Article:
Fixed versus adjustable loans
A fixed-rate loan features a fixed payment over the life of your loan. The property taxes and homeowners insurance will go up over time, but generally, payments on fixed rate loans vary little.
When you first take out a fixed-rate loan, the majority your payment is applied to interest. This proportion reverses as the loan ages.
Borrowers might choose a fixed-rate loan to lock in a low rate. People select fixed-rate loans when interest rates are low and they wish to lock in this low rate. If you have an Adjustable Rate Mortgage (ARM) now, refinancing with a fixed-rate loan can provide greater stability in monthly payments. If you currently have an Adjustable Rate Mortgage (ARM), we'd love to help you lock in a fixed-rate at a favorable rate. Call Nationwide Home Loans at 5626935048 to discuss how we can help.
Adjustable Rate Mortgages — ARMs, come in even more varieties. ARMs are normally adjusted every six months, based on various indexes.
Most ARMs are capped, so they won't increase over a specific amount in a given period. There may be a cap on how much your interest rate can go up in one period. For example: no more than two percent per year, even though the index the rate is based on goes up by more than two percent. Sometimes an ARM has a "payment cap" that ensures your payment will not increase beyond a fixed amount over the course of a given year. Plus, the great majority of adjustable programs have a "lifetime cap" — this means that your rate will never exceed the capped amount.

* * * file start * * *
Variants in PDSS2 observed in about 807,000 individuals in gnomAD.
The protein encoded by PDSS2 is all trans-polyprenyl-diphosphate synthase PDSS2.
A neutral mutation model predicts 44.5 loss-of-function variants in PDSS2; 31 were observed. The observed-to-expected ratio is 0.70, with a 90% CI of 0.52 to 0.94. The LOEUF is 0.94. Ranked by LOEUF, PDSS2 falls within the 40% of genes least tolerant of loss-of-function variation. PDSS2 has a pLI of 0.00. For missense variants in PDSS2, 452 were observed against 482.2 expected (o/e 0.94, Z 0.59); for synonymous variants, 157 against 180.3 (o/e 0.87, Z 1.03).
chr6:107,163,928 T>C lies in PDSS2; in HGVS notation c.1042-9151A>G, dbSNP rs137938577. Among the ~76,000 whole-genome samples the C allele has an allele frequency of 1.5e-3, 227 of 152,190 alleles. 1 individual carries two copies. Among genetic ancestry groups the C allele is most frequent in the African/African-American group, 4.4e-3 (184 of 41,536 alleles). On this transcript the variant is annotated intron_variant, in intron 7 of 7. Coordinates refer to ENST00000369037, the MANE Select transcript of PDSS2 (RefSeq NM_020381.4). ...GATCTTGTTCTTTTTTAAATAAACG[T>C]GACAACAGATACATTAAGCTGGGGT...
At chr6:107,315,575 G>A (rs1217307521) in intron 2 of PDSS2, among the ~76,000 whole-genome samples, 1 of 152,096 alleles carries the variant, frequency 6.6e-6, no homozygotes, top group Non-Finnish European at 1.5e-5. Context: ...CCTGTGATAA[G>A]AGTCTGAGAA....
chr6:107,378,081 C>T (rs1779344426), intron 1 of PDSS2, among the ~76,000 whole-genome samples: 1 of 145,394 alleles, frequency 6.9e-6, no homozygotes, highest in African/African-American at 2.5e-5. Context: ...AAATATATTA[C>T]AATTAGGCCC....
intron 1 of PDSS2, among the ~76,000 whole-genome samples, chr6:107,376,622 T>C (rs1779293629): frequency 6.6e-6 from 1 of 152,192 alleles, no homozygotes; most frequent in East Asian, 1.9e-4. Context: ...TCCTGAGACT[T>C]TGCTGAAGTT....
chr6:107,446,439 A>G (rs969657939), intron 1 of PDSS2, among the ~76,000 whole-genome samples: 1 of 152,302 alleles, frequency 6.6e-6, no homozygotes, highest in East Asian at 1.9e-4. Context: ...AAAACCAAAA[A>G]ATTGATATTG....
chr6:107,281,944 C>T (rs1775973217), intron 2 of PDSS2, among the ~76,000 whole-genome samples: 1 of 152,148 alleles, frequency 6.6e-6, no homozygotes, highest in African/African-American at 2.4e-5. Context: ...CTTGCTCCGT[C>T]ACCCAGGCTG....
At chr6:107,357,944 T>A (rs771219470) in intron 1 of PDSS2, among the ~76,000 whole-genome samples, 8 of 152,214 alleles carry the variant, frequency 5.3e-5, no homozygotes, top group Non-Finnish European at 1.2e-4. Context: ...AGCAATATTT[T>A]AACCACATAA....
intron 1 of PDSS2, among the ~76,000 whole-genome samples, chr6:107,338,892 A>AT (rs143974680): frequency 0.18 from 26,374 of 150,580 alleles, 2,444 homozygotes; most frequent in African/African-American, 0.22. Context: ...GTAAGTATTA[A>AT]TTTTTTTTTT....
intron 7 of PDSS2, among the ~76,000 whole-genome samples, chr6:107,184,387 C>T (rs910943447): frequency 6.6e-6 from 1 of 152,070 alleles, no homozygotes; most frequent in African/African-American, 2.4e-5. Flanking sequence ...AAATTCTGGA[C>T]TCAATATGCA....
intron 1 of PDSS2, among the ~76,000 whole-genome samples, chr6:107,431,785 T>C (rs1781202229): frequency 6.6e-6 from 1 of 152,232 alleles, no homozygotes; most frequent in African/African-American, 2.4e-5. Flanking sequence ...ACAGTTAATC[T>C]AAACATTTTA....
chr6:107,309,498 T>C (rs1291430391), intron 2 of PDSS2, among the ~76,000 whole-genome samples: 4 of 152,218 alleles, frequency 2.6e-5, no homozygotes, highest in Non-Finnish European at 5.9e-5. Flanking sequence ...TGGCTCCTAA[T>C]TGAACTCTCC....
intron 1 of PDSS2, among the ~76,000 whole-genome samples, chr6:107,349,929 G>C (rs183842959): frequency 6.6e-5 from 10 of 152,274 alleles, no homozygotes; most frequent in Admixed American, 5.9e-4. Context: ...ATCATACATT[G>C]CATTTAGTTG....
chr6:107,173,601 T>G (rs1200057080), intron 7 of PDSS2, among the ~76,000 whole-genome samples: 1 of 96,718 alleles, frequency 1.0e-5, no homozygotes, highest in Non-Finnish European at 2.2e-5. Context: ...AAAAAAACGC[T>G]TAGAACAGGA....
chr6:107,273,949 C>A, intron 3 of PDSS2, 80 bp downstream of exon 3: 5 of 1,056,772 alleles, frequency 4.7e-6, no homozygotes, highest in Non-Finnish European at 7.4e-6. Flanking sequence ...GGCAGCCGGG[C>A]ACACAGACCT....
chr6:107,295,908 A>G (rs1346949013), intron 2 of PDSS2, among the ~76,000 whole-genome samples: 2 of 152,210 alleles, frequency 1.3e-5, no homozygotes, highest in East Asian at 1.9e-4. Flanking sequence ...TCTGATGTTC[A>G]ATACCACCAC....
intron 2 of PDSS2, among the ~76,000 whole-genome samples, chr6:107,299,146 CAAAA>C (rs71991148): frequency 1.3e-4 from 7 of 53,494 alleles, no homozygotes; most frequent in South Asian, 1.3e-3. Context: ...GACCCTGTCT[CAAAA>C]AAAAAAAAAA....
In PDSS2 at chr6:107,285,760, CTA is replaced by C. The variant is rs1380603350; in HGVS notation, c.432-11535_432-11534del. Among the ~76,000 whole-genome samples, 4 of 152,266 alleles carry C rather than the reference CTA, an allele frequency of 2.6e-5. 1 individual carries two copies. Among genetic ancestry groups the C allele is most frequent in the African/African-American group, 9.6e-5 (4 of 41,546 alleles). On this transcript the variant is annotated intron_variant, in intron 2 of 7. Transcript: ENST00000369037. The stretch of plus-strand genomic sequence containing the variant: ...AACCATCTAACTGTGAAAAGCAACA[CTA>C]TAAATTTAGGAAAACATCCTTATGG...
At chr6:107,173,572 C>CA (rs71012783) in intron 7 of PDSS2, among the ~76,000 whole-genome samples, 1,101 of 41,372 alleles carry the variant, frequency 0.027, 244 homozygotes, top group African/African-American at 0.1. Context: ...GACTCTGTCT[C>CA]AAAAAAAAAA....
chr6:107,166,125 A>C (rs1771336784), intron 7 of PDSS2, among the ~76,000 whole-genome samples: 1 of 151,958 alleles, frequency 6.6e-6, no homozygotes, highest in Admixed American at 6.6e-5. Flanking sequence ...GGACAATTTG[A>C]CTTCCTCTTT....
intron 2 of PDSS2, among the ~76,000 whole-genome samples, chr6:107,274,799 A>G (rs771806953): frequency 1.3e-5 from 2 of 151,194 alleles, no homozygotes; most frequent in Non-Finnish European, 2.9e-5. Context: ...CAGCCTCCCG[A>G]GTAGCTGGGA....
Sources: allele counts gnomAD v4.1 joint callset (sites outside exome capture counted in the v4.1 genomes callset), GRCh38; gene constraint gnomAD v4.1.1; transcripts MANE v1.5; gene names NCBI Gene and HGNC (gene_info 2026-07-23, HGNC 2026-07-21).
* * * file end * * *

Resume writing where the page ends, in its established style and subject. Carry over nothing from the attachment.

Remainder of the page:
ARMs most often have their lowest, most attractive rates at the beginning. They provide the lower interest rate from a month to ten years. You may hear people talking about "3/1 ARMs" or "5/1 ARMs". For these loans, the introductory rate is fixed for three or five years. After this period it adjusts every year. These kinds of loans are fixed for 3 or 5 years, then adjust after the initial period. Loans like this are usually best for borrowers who anticipate moving within three or five years. These types of ARMs are best for people who plan to sell their house or refinance before the loan adjusts.
You might choose an ARM to get a very low introductory rate and count on moving, refinancing or absorbing the higher rate after the introductory rate goes up. ARMs are risky if property values decrease and borrowers cannot sell or refinance.
Have questions about mortgage loans? Call us at 5626935048. We answer questions about different types of loans every day.